Posted by: jamesthethickheaded | August 14, 2009

Zizioulas on the Epicletical Apocalypse

Let me admit at the outset to a bit of mystification with the Apocalypse. This is not just with part of it, but with the whole. I’ve much appreciation for the Orthodox premise that the book is really a model of worship, but like so much, it’s not just an allegory and surely there is a more literal meaning more consistent with the text that is at the same time loving rather than the common distorted condemnation of one’s troubles and unruly demons.  As they say: “Maybe, and maybe not”. But we’re not going there here.

And we’re not going there because my own confusion and caution on this book dates at least as far back as high school when I started an attempt to unpack the vision in a painting that remains judiciously unfinished. I may still have the sketches of the scene around the seated elders folded up with stuff in the attic, but it was good to stop. And stopping, if I’m honest, reflected as much as my limited drawing skills as the confusion of the subject matter for a guy whose exposure at the time was limited to the late-20th century Anglican church. For even in Anglican cathedrals, worship is nevertheless inadequate to illumine an understanding of the liturgy and its accoutrements much less it’s unfolding. In the text, there’s this going on, then this…. no that. And maybe it’s all going on at the same time, but how do you draw this? And where do you find a model to follow if you haven’t even had art history? Ah, that’s where a shortage of humility came in handy to starting out anyway… that heady point where desire overwhelms common sense. Perhaps I was literally saved by the bell….the end of the school year.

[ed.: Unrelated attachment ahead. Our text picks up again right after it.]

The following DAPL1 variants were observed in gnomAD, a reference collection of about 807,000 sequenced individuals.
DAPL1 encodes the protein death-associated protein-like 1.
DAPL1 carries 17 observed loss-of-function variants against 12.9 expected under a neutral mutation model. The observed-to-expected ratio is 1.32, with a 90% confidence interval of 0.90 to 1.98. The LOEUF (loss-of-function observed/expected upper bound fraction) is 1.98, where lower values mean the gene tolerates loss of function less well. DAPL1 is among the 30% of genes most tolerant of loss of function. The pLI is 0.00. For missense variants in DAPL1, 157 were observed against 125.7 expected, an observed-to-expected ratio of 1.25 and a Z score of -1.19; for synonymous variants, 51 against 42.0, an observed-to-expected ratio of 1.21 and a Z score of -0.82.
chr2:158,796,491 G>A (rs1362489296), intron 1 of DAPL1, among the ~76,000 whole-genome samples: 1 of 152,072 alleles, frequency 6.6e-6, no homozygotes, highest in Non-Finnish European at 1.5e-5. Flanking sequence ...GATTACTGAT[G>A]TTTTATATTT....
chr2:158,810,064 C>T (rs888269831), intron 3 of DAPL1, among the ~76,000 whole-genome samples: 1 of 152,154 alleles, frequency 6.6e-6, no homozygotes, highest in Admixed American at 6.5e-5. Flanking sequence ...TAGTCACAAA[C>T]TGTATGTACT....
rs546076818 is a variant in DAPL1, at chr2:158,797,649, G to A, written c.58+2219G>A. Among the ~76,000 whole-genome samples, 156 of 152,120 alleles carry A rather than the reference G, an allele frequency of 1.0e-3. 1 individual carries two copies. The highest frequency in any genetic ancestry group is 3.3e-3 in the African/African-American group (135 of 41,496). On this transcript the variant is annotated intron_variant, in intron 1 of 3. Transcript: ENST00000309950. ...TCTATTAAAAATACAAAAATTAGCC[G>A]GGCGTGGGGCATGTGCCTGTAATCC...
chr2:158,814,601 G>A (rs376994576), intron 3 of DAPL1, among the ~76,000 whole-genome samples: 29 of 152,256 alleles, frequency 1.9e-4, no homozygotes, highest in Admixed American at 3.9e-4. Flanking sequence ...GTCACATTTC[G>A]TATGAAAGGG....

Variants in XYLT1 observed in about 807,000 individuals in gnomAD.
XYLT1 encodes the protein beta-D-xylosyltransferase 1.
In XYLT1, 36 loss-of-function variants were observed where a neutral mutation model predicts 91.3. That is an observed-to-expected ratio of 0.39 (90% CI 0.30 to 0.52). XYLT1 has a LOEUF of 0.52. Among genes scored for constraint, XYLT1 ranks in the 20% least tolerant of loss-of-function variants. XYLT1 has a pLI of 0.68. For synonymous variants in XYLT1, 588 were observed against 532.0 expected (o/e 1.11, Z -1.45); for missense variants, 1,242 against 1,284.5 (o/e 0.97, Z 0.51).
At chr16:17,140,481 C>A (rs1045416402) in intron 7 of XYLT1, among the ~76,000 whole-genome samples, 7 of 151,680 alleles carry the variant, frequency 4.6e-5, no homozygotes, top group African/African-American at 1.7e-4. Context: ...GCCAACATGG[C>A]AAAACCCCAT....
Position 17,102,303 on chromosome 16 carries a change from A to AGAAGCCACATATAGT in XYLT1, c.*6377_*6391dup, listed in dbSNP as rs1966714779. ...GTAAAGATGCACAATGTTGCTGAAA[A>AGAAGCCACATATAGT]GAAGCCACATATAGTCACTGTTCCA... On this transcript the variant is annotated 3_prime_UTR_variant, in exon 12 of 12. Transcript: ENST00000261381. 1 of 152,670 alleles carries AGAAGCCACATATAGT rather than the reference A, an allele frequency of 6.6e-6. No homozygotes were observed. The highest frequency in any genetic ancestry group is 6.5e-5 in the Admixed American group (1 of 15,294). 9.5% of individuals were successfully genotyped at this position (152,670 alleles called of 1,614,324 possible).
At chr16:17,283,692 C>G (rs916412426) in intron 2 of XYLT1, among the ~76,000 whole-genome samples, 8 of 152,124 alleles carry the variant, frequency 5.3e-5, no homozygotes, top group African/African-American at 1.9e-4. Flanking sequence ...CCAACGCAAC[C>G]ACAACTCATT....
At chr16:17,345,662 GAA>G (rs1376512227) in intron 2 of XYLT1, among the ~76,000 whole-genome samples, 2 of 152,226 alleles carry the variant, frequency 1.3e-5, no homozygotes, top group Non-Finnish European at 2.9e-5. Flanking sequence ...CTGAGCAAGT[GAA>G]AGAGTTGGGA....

So Zizioulas’s thought makes it easier to see the Apocalypse as simply the consecration of the world, and this offers a view that synthesizes both the literal text and the concept of the text as an account of worship by holding it as a eucharistic ending (or offering) of the whole.  Most folks probably are way ahead of me on this, but if you’re like me these days, and studiously putting off re-reading it, maybe this is a good enough point of departure, or at least something useful and worth more pondering – or alternatively worth a “duh” in the comment box:

“The ecclesiological significance of this can be illustrated by the ideas of the book of the Apocalypse, in which the Church lives in an intense epicletic atmosphere containing a syntheseis of two elements: on the one hand, the assurance of Christ’s presence on the eucharistic table and, on the other, the Church’s cry: “Come Lord, come.” When the Church lives epicletically, she cannot but long for what she already is. The synthesis of the historical with the eschatologocial in the epicletical conditioning of history constitutes what we may properly – and not in the distorted sense – call the sacramental nature of the Church.”

Okay… honestly it’s not looking as clear here as I thought it did the other night… but it sure seems like it was suggested somewhere. Then again, maybe that’s my Thickheaded brain misfiring.


  1. But certainly we should be able to systemically and rationally pull apart and organize this theological vision, no?

    If not, then it must not be true.

    It is hard to type with one’s tongue in cheek. 🙂

  2. SOS: Thanks for stopping by. Yeah…you’re right… we should pull it apart… no! wait! “Duh!”

    Someone had to write it! 🙂

  3. Ah, yes. I also have some sketches from high school art that I began for an illustrated Book of Revelation. They’re in the portfolio under the basement staircase. “Living epicletically”? Toss THAT phrase into a conversation and folks will probably tell you to be sure to stuff a sock in your mouth so you don’t bite your tongue off when it happens.

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